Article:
Local riders will challenge the country’s best

May 28

According to event organizers, the Mt. Hood Cycling Classic will have the largest field of riders of any race in the Northwest this Season. More than 460 riders have already registered, including some of the strongest riders in North America.

As of press time, 11 local riders are registered for the race: Tre Hendricks, Anderson Folts, Ted Cramer, Kristen Dillon, Jill Crimmins, Dana Keleher, Dan Kleinsmith, Jim Pennington, Alice Pennington, Luke Pennington, and David Zimbleman are all in the running for the podium.

Three of Hood River's best racers on that list are Alice Pennington, Luke Pennington, and Dave Zimbelman.

Alice Pennington is known as one of the craziest female mountain bikers in the Northwest. She is a product of the Hood River system and is a 1999 graduate of Hood River Valley High School. Alice is known for her nerves of steel and strong bike handling and descending skills.

Luke Pennington was also a graduate of Hood River Valley High School. Luke is one of the hottest young riders in the nation and is currently competing on the U.S. National team. Luke is a great all-around rider who can time trial, sprint, and climb with the best in the country.

Dave Zimbelman is somewhat of a fixture in the local cycling community. His racing career spans over 25 years. At 50 years old, Dave is one of the most decorated and accomplished masters racers on the west coast.

Here to challenging Hood River's finest and represent the U.S. National Racing Calendar are several of the world's best cyclists teams.

Team Symmetrics has three-time Olympian and eight-time Canadian National Champion Eric Wohlbert.

Team Healthnet has Scott Moniger, who has the highest number of career victories of any active American rider.

Team Kona has Cyclocross champions Ryan Trebon and Barry Wicks.

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Parkdale third graders sing "12 Disaster Days of Christmas"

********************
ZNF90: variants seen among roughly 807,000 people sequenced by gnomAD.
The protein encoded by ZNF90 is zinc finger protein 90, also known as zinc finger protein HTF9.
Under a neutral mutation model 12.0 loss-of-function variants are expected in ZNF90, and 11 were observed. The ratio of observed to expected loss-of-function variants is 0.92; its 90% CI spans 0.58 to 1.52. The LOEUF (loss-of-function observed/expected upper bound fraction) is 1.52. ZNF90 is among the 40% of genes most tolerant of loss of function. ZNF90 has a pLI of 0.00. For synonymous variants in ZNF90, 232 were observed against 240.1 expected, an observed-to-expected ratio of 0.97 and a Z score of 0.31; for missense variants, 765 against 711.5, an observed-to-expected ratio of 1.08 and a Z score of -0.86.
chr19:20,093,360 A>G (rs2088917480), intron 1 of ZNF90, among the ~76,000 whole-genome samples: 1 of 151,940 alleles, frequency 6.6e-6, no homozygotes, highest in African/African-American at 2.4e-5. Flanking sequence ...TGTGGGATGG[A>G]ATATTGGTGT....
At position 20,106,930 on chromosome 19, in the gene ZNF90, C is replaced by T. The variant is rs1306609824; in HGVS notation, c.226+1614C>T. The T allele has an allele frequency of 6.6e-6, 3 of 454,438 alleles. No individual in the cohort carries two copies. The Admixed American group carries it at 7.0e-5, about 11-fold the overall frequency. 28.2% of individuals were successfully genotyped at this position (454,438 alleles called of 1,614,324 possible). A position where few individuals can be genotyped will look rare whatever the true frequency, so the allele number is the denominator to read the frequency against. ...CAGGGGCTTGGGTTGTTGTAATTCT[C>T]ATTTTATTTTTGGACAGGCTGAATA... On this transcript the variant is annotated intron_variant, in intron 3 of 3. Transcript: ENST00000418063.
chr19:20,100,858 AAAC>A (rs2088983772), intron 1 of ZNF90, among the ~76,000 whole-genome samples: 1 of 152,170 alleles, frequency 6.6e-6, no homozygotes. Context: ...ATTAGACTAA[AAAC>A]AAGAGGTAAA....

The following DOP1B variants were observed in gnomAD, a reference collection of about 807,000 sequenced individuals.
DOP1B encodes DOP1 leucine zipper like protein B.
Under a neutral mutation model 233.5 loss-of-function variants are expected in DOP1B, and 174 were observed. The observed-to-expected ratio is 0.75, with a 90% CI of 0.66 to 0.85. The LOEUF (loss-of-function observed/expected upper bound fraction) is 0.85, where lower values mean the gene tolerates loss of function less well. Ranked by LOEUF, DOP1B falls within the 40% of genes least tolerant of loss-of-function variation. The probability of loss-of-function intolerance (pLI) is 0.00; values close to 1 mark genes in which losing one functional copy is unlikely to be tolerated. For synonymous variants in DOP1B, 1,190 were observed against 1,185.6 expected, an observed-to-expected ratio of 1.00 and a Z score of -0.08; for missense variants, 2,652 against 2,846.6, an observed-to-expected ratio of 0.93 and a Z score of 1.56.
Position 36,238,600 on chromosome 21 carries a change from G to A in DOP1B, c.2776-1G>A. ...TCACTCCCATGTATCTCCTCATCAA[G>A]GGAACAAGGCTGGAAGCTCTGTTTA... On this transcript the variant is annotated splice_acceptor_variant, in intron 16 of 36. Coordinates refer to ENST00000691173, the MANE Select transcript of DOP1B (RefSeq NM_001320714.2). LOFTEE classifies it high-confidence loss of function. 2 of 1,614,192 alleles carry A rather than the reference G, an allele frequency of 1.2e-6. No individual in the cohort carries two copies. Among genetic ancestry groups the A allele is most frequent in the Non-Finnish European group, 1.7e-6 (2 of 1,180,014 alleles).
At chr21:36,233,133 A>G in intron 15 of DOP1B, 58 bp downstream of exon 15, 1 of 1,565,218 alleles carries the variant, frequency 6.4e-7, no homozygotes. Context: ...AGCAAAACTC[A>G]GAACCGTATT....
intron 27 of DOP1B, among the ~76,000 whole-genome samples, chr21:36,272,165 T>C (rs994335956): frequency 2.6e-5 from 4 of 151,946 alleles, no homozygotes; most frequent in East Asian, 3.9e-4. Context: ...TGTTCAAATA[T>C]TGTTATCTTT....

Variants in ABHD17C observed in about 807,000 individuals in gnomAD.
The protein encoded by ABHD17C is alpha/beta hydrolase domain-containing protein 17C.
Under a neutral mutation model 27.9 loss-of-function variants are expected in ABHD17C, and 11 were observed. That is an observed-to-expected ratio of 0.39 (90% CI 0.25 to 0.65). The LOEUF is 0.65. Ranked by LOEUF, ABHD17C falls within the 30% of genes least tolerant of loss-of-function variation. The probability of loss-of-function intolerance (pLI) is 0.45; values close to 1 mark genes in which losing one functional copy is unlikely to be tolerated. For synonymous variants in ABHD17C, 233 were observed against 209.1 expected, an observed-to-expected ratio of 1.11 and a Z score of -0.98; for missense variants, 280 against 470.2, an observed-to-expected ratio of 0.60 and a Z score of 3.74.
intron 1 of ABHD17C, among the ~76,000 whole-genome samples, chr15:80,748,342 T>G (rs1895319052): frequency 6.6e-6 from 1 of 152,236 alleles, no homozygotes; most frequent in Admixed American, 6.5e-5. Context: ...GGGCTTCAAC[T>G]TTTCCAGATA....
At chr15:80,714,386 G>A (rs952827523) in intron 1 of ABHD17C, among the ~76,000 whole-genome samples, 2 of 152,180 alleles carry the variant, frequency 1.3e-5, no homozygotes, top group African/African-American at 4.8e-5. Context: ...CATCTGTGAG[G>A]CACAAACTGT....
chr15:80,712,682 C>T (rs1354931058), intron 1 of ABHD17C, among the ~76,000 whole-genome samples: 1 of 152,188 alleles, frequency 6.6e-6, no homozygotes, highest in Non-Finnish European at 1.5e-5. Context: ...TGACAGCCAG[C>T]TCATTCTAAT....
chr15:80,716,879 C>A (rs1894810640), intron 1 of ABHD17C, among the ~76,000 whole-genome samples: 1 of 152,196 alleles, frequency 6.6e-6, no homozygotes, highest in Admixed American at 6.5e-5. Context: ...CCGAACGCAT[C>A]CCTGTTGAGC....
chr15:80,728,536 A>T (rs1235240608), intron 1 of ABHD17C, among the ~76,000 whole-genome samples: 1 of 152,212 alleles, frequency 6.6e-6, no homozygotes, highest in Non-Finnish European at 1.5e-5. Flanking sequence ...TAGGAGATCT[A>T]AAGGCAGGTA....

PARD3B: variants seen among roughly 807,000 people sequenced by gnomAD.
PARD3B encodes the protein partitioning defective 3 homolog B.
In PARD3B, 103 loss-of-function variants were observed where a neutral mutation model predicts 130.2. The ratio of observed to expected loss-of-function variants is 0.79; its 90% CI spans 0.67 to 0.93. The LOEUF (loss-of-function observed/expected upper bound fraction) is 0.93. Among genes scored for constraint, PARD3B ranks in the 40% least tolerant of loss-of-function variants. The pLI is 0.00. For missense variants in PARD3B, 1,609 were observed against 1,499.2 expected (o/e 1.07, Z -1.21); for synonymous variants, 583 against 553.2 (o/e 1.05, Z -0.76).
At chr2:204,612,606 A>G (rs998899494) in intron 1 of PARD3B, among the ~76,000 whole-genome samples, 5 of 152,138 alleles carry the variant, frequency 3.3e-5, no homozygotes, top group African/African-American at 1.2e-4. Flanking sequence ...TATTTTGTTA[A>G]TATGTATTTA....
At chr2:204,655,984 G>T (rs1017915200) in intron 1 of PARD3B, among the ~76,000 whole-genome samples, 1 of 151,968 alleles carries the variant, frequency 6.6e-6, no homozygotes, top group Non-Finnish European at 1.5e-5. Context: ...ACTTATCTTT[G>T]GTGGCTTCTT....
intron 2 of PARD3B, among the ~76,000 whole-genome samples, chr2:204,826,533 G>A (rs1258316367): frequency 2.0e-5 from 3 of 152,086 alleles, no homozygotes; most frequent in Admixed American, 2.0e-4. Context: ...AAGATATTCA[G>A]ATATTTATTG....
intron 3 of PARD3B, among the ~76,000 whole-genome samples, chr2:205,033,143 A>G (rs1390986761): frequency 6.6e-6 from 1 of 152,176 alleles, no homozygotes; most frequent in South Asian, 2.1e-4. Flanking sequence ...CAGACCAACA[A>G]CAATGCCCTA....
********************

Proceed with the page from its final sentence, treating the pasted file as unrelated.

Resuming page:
Welcome to your sing-able Christmas gift list. What follows is an emergency rendition of “12 Days of Christmas” – for outfitting your home or car in case of snow storm, earthquake, flood or other emergency. Read it as a simple list, or sing it to the tune of “12 Days” – you know, as in “ … and a partridge in a pear tree…” Not to make light of it, but the song is a familiar framework for a set of gift ideas that you could consider gathering together, even if the recipient already owns items such as a bunch of coats, tire chains and flashlights. Stores throughout the Gorge are stocked up on all these items. Buying all 12 days might be prohibitive, but here are three ideas for checking any of the dozen off your list (notations follow, 1-12.) The gift items needed to stay warm, dry and safe are also coded to suggest items in your abode (A) in your car (C) or both (B). 12 Gallons of Water (A) 11 Family meals (B) 10 Cans of propane (A) 9 Hygiene bags (B) 8 Packs of batteries (A) 7 Spare coats (B) 6 Bright red flares (C) 5 Cozy blankets (B) 4 Tire chains (C) 3 Flashlights (B) 2 cell phone chargers (B) 1 And a crush-proof first aid kit (B) Price ranges? Here’s a few quotes for days Three, Two, Four and Nine: n A family gift of flashlights (three will run $15-30, Hood River Supply, Tum-A-Lum) n Cell phone chargers (two will run $30-60) n Tire chains (basic set, $30, Les Schwab, returnable if unused for the winter) n Family meals ($100 or so should cover the basics for three or four reasonably well-fed days) n The home kit should be kept in a handy place near an exit, and remember that water needs to be replenished every few months. If you have a solid first aid kit already, switch out the gift idea with “and-a-sto-o-u-t- tub-for it-all …” Otherwise, it’s a case of assembling your home or car kits and making sure all members of the family know what the resources are and how to use them (ie flares and propane). Emergency situations are at worst life-threatening, at best deeply uncomfortable if you and your family are left without power for an extended period, or traveling and find yourself in a situation where you need to wait out a storm, lengthy traffic delay, or other crisis. Notes on the 12 gift ideas: 12 – Gallons of water: that’s one per person in a four-member family to last for three days, the recommended minimum to be prepared for utility outages. 11 – Easy-open packaged goods, energy bars, dried food and nuts are good things to include for nutrition. Think of what your family of four needs for three days to stay fortified and hydrated (see number 12). Can-opener also recommended 10 – If you have a propane camping stove, keep extra fuel handy. 9 – Hygiene bags: put packaged moistened towelettes, toilet paper, and plastic ties in large garbage bags (for personal sanitation) Resource list courtesy of Hood River County Emergency Management, Barbara Ayers, manager/ 541-386-1213. The county also reminds residents to Get a Kit, Make A Plan to connect your family if separated, and Stay Informed. See www.co.hood-river.or.us to opt-in for citizen alerts. Enlarge

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